Public Opinion from Chambersburg, Pennsylvania on July 5, 1972 · 33
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Public Opinion from Chambersburg, Pennsylvania · 33

Chambersburg, Pennsylvania
Issue Date:
Wednesday, July 5, 1972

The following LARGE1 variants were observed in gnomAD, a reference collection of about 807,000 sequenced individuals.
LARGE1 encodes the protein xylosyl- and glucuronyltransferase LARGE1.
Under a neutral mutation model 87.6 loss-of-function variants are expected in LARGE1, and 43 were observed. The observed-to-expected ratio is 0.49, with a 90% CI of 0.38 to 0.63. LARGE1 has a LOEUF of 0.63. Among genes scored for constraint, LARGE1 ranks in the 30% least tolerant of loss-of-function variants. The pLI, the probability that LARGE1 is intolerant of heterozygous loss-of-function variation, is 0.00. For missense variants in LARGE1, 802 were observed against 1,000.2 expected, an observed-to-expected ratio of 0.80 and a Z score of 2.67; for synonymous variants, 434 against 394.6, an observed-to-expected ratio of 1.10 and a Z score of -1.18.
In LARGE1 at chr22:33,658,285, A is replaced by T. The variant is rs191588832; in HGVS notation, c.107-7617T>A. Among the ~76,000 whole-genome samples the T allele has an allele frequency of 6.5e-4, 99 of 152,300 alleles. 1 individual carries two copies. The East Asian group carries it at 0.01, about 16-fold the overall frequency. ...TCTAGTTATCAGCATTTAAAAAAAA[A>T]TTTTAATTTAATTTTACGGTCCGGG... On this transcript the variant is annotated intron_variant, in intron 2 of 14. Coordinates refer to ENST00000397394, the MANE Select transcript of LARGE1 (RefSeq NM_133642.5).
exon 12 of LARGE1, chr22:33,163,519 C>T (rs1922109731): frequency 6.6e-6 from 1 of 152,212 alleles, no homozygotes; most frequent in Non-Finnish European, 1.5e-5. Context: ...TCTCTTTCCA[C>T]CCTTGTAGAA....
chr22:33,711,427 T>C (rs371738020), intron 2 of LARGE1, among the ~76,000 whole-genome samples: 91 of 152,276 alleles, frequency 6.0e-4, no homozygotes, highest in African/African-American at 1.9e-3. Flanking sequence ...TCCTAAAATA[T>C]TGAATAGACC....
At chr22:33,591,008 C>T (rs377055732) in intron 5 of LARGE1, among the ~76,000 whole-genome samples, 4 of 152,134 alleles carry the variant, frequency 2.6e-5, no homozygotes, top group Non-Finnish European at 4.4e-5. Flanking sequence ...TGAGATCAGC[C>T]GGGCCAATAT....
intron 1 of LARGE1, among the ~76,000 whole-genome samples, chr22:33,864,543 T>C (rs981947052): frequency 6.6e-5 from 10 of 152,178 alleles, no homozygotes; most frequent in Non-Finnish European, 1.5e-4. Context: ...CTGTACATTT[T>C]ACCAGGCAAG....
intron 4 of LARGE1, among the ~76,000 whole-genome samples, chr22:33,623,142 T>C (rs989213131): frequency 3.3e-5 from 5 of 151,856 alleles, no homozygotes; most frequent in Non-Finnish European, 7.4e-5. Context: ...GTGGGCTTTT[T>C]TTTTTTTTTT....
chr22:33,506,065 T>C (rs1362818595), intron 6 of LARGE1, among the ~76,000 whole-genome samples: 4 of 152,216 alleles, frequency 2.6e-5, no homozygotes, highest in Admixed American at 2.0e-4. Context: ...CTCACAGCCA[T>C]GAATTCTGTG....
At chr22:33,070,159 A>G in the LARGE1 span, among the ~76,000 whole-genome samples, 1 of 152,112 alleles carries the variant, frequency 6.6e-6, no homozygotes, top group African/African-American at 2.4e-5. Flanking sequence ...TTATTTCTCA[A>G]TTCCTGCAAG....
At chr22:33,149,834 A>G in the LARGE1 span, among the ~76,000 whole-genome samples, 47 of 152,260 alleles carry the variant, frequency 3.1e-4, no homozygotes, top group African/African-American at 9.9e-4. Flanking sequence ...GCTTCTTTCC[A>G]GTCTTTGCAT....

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' 9 9 P W ' Chris and Evonne The Darlings of Wimbleton Meet WIMBLKDON. Kngland (AP) The first meeting between Kvonne (loolagong, the happy-go-lucky Australian, and Chris Kvert. the ice-cool 17-yeyr-old from Kort Lauderdale, Ila., will draw a tremendous crowd today when they play their women's semifinal match in the Wimbledon tennis tournament, i Hut waiting in the wings al- most unnoticed but still the ta-' vorite among the bookies is Billie Jean King. In the excitement of seeing the long-awaited confrontation of the two brightest youngsters in years, the fans seemingly have forgotten about Billie Jean, winner of three Wimbledon titles. Billie Jean plays her old ml , 0 mm GET THE MESSAGE Chris Evert, America's 17-year-old tennis phenomenon signs autographs at Wimbledon, England, Monday, after winning her women's singles quarterfinal match over fellow American Pattt Hogan. Dedication to tennis is written all over Miss Evert, who will be entering ihe t&mifinals on her first trip to Wimbledon. (AP Wirephoto Via cable from Wimbledon) On Ck- Sidelines With Tony Saitta Assistant Sports Editor PLAYING ON most schoolboy baseball fields is like playing on a giant sliding board. The' field is as hard as Superman's fists. Or Frazier's head. To get the art of playing on the diamonds down to a science,, a player needs skis. Well, are the fields really all that bad? My answer is yes. I think the Alpine Championships should be held on them. Some of the dirt on these playing areas could pose as rock. That sort of complicates matters, since the fielders have to watch out for landslides. An outfielder coming into the dugout at the end of the inning needs mountain climbing spikes. Sometimes he has to stop along the way lor oxygen. Some fields have never seen a grounder. The average worm burner turns out to be a sky high fly. And the average high fly comes down with dew on it. Some of these fields are so bad that a movie critic announced that he didn't think the movie "Downhill Racer" could have been filmed on them. They're just too steep not even fit for goats. And so it goes on and on about playing fields. There are all types that schoolboys play on. One school had a diamond that sported an infield loaded with tiny little beach pebbles. A couple of the players have resorted to using nose and shin guards for fear of injury. Some have even turned to errors to get out of the way. Probably the most hilarious incident I have witnessed in' my days of covering games occurred at a field located next to a trash dump. The dump was in centerfield. 15ases loaded, two outs and a batter sends a high fly deep to center. The fielder goes back and back. All of a sudden he is stopped, not by some fence, but by a rusty, empty bucket. He's planled his fool squarely into it. Meanwhile, the ball continues its downward flight right smack into the huge pile of rubble. After a few brief seconds, the fielder manages to run with the bucket on his flat loot. In fact, the whole team by this time is running towards the ball and the hitter is still running around the base pads lor a home run. When everyone got to the trash pile, the ball could not be found. It was like looking lor a needle in a haystack. An enraged coach once vented his frustration alter his team got shelled 20-0, with nine homers thrown in He claimed that every time the other team hit a hard line drive, it went for a home run. The ball would shoot downhill and moved much faster in I light than the outfielders could run. Well, all you coaches, is there anything you can do about the fields you play on? Yes. Forfeit the game, or ask the other team's coach if he'll spot you a lew runs. Rut for the most part, little can be done, because that's the wav the ball bounces. friend, rival and former doubles partner. Rosemary Casals, in today's other semilinal. On the basis of her form so latin the tourney. Billie Jean, seeded second, is the holiest favorite in years at 4 ti. In contrast. Kvonne. the defending champion and one of the Wimbledon crowds' favorites, is rated at only 3 1. She had a close call in the quarter-finals, before beating Francoise Durr of France, and another tough match in the previous round against Olga Moro-zova. Kvonne is seeded first, while Chris, making her first appearance in the tournament, was rated fourth. The betting on her so far is 9-2. with sixth-seeded Miss Casals at 14 I. In 18 matches between Hosie and Billie .Jean in the past two years. Hosie has won only once In the men's semifinals Thursday. Stan Smith, last year's losing finalist and No. 1 seed this year, will be carrying the American hopes. The other semilinalists are Kuropeans. That's the first tune this has happened since World War II. The reason is the running battle between the International Lawn Tennis Federation and World Championship Tennis, the PUBLIC Chomberiburg, Pa., Wednesday, July 5, 1972 Page 33 Pitchers Dominate iby Th Attociolcd Ptmn) Three comeback pitchers, two rookies and one 20-game winner kept the July 4 fireworks to a minimum in the American league Tuesday. Pal Dobson. one of Baltimore's four 2-game winners last season, hurled the Orioles into sole possession of first place in the American League East with a three-hit. 11-strikeout 2-1 victory over the Chicago White Sox. Detroit skidded into second place when Kansas City's Roger Nelson, fighting back from two years of arm miseries, blanked the Tigers 1-0 on four its for his first complete game and first triumph as a starter since 1909. Rookie Lynn McGlothen notched his first major league triumph with a three-hitter that propelled Boston past Minnesota 2-0. -Oakland's Blue Moon Odom. PHILADELPHIA AP-Dave Rader of the San Francisco Giants is one catcher who doesn't exchange signals with his pitcher when he's running bases. On Tuesday night Kader was responsible for the Giants 2-1 victory over the Phillies at Veterans Stadium here. He accomplished the feat in the seventh inning with the winning pitcher, Jim Barr. studiously looking on and giving advice. Rader stepped to the plate with the Giants about to be blanked by the Phillies Billy Champion. Seeing hope in the fact that Dave Kingman had reached base with a double-one of the visitors' six hits Rader patriotically stroked a single to score Kingman. Keeping his head up around the bases. Rader took second on the throw to the plate, then tagged and took third as Al Gallagher Hied out to Willie Montanez in deep center. On the next play. Montanez was alert to a possible repiti-tion of these hijinks. so when Tito Fuentes tagged one to him. he unloaded it immediately in the direction of home, where Rader was aimed like an arrow alter tagging. Giants' pitcher Jim Ban stood by in the on-deck circle, watching Montanez field the ball and fire it in. Here's leader's account: "Jim Barr was watching the outfielders, Then he was watching the throw to the plate to see if it was going to be a good throw. By the tune he decided it was too late. 1 hit (Phils' catcher Johni Bateman and went over top of him. Then when I was lying in the dirt. I hear Jim Barr yell 'Slide'." By that time umpire John Kibbler had ruled Kader sale with the run that gave Barr a three hit victory, his second in lour decisions. WEDNESDAY Frtnklin County American I iinn '.hipo(iri',t)uig a! ( hnmbruui g Waynesboro at Mprt ritur.j Franklin County Adult L eaque Ootnty at bratniatiit (tkmil pro gioiip Dial lias Hie top players like Hod l-ivcr. Arthur Ashe and Ken Rosewall under contract. Differences between the two organizations have been patched up, but not in time to allow the WCT pros to compete here this year This has helped tilth-seeded Jan Kodes of Czechoslovakia, second seeded Hie Nastase ol Romania, and third seeded Manuel Oranlcs of Spain, reach the semifinals. In the sernilinals. Smith will play Kodes and Nastase will face Oranlcs OPINION phont-in-vscrff SCORIKEEPERS: Use nift service 264-6161 recuperating from a 1971 elbow operation, posted his sixth victory with eight-inning help trom Darold as the A s downed the .ew York Yankees 4-2. Jim Lonborg. the AL s Cy Young Award winner with Boston in 1967 but a much-injured hurler since, won his fourth straight baseball game for Milwaukee, blanking California until the ninth when l-'rank Linzy came on to preserve a 4-2 triumph. Cleveland rookie Dick Tidr-ow took over for the injured Mike Kilkenny in the third inning and completed a 2-0 shutout over Texas. Baltimore's Dobson surrendered a first-inning home run to Dick Allen and second-innings singles to Rick Reichardt and Mike Andrews but kept the White Sox hitless thereafter. The Orioles tied the game against Stan Bahnsen in the fifth on Bobby Grich's- single and CHARGES BRIBE - Gene White, a high jumper competing for a spot on the U.S. Olympic squad, has charged a West German shoe company with trying to bribe him to wear its shoes, according to a report in The New- York times. Monday. The allegations were denied by a representative of the shoe company. (AP Wirephotoi Collegian Captures Decathlon KUGEiNE.Ore. (AP - They call it a ' little club of ours'' and they refer to the members as they would loved ones. It's the rugged, gruelling, two-day-ten-event test known as the decathlon (he event Jell Bannister calls his own today Bannister, a graduate of New Hampshire who stands ti feet .'! and weighs 10 pounds less than his normal 200 today, captured the I'.S Olympic Trials decathlon Tuesday with 8.120 points, the top total in the world this year. He coiiiiiered 97-degiee heat as well as little Jeff Ben nett ol the Army. Bennett, with 8.07b. and Bruce Jenner, a longshot I nun Iowa, with 7.K40. also made the I'.S. team which goes to Munich this summer lor the 20th Olympic Games "I just wanted to get on the team It s been a long wait." said a champagne-drenched Bannister on the track, moments after completing the final event, the l.fiOO-meter run Bannister was asked about his own H'i loi maiK-e but preferred to speak in glow ing terms nl his competitors. "I was so happy to see Jell do so well in the pole vault, and Bruce make the team. I love all these guys. Wt compete against each oilier so often." v - x f fh ' J 1 p-v) v '- - A '- Vf -v?i f" ' 71 ' ' 7P r- v s DIVING SCORE Dave Rader of the San Francisco Giants sails over Phillies catcher John Bateman as he scored tne winning run in the 7th inning of Tuesday nights 2-1 Dave Johnson's triple and scored the winning run in the sixth on consecutive singles by Paul Blair. Boog Powell and Merv Rettenrnund. Kansas City got Nelson the only run he needed against Detroit in the first inning on Amos Otis' bunt single, a stolen base and John Mayberry's infield hit. which loser Bill Slayback threw wild to first base Boston s McGlothen. a 22- Sets Polevault Mark SeagrenCrys after Long BattleBack EUGENE. Ore. (AP) -Tears streamed down Bob Sea-gren's lace. The handsome Olympic champion sat in the light of a setting sun and simply, quietly cried. He had just set the world record in the pole vault, something he had done four times previously. So why the emotion'.' The 25-year-old Southern California Strider athlete suffered a severe knee injury in a horseback riding accident late last year and surgery was performed. He came back, how Aussie Beats Rain, Field In Cleveland CLEVELAND. Ohio iAP -The sun actually came out twice during the $150,000 Cleveland Open Golf Tournament. Once it popped out right after officials, surveying the Tan-glewood Country Club's flooded 6.907 yards, called off Thursday's opening round Then, a second time, it emerged to smile on David Graham ol Australia when he collected his trophy and $30,000 check for outlasting Bruce Devlin of Coral Gables. Fla . on the second sudden death playoll hole. Aside trom that, you could forget it. The weatherman played only one note all week rain. But the weather wasn'l the only marvel about the 1972 Cleveland Open In the first place. Graham. 2ti-year-old pro from Sydney, was winning his first tournament, the first rookie to do so this year. And he won it I mm his best friend. Neither Graham nor Devlin could quite make up their minds whether they were pleased or di tressed Both finished the regulation 72 holes at 278. six strokes under, par. Devlin gave away the tournament on the 18th hole by missing a six-footer that could have giver, him a birdie and 277. Then Serviceman Cops Tucson Tl CSON. An. (APi - Paul Col well, a 23-year-old airman stationed at Tucson, crashed through to his Inst professional victory Tuesday night in the Nil. lino Tucson Open Bowling Tournament. The handsome righthander was fourth when the third and final eight game block of match play began, trailing leader Nelson Burton Jr.. St Louis. Mo . by 00 pins. When Colwell took seven of Ins matches, including a last game 2.S4-222 triumph over Don Johnson, a 1!-time champion I mm Akron. Ohio, he rolled to the $4.1X10 lictorv. July 4th AL year-old right-hander, held the Twins to Eric Soderholm's double in the second inning and singles by Danny Thompson in the third. Rookie shortstop Juan Beniquez accounted for one of the runs off loser Ray Corbin with his first major league homer. About the only fireworks were in Oakland, where Sal Bando hammered a grand slam home run olf New York's Mel Stott lo ever, and made what appeared to many a futile attempt to get back into shape for the 20th Olympic Games this year. His progress was slow. "He worked so hard." said Verne Wolfe, head track coach at the University of Southern California, where Seagren was graduated and began his comeback "He's always been dedicated, but 1 really didn t think he'd come back this fast." "When I got to Eugene. I was relaxed." Seagren said, "I was happy with my progress." He had regained a share ol the be went out on the first hole of the sudden death and missed a three-toot par putt that gave Graham the chance lor the title on the second sudden death hole. It was a wierd tournament from the time it didn t get started Thursday until it had gone 74 holes. Rod Curl of Redding. Calif., and Bobby Nichols of Akron. Ohio, reported at one point Monday they couldn't see the sixth green from the sixth tee. The Cleveland .Open had acquired a new handicap log Tom Weiskopf of Bedford. Ohio, lifted an iron to a boggy green and had trouble finding the ball. It buried until only the top was visible. " I feel like I've been here a month." said Larry llinson of Beach Mountain. N .('.. who captured third place money alter leading the tournament the Inst three davs FAYETTEVILLE ATHLETIC ASSOCIATION t SATURD victory in Philadelphia. Rader scored from third base on a sacrifice fly by Tito Fuentes. Umpire is John Kibler. (AP Wirephofo) in,' re in the fourth inning and the A s put on a gaudy pyrotechnic display after the game. Bando's seventh home run of the season and fifth career grand slam followed Joe Rudi's double and walks to Mike Epstein and Bill Voss. Milwaukee's Lonborg lost his shutout when California's Bob Oliver socked a two-run homer in the ninth but Linzy came on to nail down the triumph. The world mark at 18 feet 41 1 inches and was considered the old pro of the event. "Then I started thinking, 'The guvs are good What if my pole slipped? What if I didn't qualify'? and then 1 got nervous. "I couldn't sleep. I walked around my room at night. I didn t have any concentration." The competition started last Sunday at Hayward Field and "everyone was so hot. Everyone looked so good I got nervous." he said. Then he warmed up by clearing the bar at about 18-3. "That relaxed me for a minute." he said. "But they looked so good at 17-8'2. and then again dt 18." he said. Opens Mon., July 10 DORIS INGRAHAf.l (Direct from a two-year lour with National Company) 7 fr l VI Adapted From a play by BARILLET and GREDY with JOHN RITTER (The "Butterflies Are Free" Bo) COOD SEATS AVAILABLE L l:liWmWWWalll.'liiETOrBI TflWM AY, JULY 8 Fayctf eville Athletic Grounds Entertainment By UDIPff9llVfl Pi J I lly 11 French Poodle & Spinning Outfit Will Be Awarded. Bring Your Tickets GAMES - AMUSEMENTS FOOD Action Brewers pushed across the decisive runs in the ninth tin bases-loaded walks to Ron Theobald and Joe Lahoud. Cleveland's Kilkenny suffered a split middle finger on his pitching hand fielding Ted Ku-biak's smash in the third inning but Tidrow came on finish the shutout of the Rangers for his first win since May 17. John Lowenstein provided the offense with a two-run homer. The others who cleared 17-8 ' a were Dave Roberts of Rice. Jan Johnson of Alabama and Steve Smith of Long Beach state. Then all but Roberts made 18-0' i. And Seagren tightened up once again. Seconds after celebrating his 18-53A leap with a whoop Seagren broke down. "The pressure of the injury, the operation, the long comeback. And then the nervousness of this competition just to get a trip to Munich. I guess it all just collapsed on hirn." said George Ambrose, a close f riend of Seagren for years. "He was carrying a lot of weight around. I guess the pressure's off now." said Ambrose. IN by JAY ALLEN - Nl III